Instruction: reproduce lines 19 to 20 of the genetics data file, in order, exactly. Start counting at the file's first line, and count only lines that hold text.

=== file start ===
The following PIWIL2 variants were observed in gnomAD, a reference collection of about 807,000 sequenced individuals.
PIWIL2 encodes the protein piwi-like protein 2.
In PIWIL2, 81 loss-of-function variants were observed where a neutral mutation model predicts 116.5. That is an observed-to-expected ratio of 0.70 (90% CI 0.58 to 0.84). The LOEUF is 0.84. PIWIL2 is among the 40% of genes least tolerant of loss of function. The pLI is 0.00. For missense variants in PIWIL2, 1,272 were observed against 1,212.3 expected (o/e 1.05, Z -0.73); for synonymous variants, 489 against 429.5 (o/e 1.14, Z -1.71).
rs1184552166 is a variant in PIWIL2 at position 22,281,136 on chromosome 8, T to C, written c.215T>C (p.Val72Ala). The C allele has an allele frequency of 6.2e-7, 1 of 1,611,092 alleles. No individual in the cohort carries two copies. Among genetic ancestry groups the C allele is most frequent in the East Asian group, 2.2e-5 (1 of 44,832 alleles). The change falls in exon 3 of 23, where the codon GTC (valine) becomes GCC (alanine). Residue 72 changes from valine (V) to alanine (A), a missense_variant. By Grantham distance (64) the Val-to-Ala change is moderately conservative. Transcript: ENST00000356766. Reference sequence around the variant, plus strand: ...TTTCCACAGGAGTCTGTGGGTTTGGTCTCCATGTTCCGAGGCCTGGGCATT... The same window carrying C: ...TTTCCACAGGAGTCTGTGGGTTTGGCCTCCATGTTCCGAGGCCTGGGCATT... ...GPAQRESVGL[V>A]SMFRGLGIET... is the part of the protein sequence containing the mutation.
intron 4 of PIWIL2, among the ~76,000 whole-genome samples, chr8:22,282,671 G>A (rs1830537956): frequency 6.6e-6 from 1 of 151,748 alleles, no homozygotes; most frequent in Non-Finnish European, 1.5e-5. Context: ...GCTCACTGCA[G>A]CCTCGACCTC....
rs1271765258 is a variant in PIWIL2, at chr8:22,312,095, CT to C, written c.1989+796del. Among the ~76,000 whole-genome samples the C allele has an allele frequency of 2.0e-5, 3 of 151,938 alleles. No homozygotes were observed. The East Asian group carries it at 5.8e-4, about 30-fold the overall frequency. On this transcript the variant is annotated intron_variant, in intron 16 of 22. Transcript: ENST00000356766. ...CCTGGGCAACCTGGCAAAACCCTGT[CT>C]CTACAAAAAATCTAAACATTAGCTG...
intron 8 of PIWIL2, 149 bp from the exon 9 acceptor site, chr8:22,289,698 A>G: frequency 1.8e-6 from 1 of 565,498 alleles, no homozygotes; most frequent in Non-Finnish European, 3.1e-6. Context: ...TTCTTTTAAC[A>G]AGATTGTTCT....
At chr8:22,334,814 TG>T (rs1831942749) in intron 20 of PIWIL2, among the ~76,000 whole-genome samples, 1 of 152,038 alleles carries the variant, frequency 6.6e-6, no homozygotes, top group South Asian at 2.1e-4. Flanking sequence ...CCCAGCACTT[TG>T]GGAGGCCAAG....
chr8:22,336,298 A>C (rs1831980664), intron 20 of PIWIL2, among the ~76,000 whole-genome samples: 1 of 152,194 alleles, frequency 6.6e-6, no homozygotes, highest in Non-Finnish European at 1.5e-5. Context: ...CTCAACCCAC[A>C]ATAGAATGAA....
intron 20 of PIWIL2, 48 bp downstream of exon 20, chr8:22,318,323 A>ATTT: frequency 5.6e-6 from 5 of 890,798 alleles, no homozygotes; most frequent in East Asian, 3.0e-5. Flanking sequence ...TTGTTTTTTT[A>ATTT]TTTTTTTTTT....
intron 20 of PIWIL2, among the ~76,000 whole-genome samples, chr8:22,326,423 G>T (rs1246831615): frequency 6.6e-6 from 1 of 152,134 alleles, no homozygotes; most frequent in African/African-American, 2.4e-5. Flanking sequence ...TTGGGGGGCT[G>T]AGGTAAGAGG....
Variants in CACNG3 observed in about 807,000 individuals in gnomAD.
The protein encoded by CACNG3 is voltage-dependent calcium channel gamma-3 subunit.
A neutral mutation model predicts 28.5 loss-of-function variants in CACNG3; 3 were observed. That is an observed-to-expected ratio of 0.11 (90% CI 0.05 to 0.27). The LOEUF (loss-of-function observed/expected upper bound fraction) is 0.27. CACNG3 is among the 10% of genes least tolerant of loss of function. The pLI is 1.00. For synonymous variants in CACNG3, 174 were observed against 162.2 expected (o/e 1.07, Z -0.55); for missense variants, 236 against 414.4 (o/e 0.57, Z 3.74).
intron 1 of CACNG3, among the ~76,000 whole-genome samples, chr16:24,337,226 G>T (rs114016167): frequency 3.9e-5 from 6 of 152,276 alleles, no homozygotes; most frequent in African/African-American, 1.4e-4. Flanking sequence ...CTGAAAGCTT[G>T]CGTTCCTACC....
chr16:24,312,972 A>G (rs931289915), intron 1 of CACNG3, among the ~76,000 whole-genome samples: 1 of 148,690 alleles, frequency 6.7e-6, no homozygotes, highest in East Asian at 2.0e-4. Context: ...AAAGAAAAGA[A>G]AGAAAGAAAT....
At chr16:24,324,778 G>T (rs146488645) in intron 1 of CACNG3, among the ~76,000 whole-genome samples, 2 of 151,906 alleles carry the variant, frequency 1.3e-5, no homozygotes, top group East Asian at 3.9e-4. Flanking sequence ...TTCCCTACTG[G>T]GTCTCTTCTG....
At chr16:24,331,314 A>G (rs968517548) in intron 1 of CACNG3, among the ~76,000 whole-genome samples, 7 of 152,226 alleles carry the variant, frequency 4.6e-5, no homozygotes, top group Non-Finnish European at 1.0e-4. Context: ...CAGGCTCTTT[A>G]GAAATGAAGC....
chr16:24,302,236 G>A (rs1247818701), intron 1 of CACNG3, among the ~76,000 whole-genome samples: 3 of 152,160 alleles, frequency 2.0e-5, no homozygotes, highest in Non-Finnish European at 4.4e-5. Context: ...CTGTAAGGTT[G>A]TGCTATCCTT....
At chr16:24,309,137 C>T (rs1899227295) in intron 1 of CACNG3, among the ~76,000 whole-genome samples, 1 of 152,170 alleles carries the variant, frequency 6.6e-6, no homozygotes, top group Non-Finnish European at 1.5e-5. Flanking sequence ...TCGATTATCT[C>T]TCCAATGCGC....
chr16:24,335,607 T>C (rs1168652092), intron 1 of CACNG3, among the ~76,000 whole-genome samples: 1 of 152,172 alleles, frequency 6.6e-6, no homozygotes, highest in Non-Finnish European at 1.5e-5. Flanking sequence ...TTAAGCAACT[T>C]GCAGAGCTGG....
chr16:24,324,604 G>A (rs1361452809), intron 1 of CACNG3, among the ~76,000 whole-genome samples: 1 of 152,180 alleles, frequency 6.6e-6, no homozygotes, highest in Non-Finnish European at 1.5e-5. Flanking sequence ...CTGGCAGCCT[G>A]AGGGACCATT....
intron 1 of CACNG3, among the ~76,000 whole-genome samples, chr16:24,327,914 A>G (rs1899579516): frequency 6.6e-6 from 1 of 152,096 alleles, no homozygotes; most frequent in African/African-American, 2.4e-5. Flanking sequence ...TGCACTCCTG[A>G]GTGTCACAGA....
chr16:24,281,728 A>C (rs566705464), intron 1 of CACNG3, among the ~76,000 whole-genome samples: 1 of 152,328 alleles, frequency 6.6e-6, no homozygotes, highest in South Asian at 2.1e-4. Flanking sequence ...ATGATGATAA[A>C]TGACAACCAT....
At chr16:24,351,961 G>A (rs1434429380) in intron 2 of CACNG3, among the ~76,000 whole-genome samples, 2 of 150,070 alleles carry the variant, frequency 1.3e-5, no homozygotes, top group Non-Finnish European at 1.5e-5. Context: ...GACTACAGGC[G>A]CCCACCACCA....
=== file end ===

chr16:24,302,236 G>A (rs1247818701), intron 1 of CACNG3, among the ~76,000 whole-genome samples: 3 of 152,160 alleles, frequency 2.0e-5, no homozygotes, highest in Non-Finnish European at 4.4e-5. Context: ...CTGTAAGGTT[G>A]TGCTATCCTT....
At chr16:24,309,137 C>T (rs1899227295) in intron 1 of CACNG3, among the ~76,000 whole-genome samples, 1 of 152,170 alleles carries the variant, frequency 6.6e-6, no homozygotes, top group Non-Finnish European at 1.5e-5. Flanking sequence ...TCGATTATCT[C>T]TCCAATGCGC....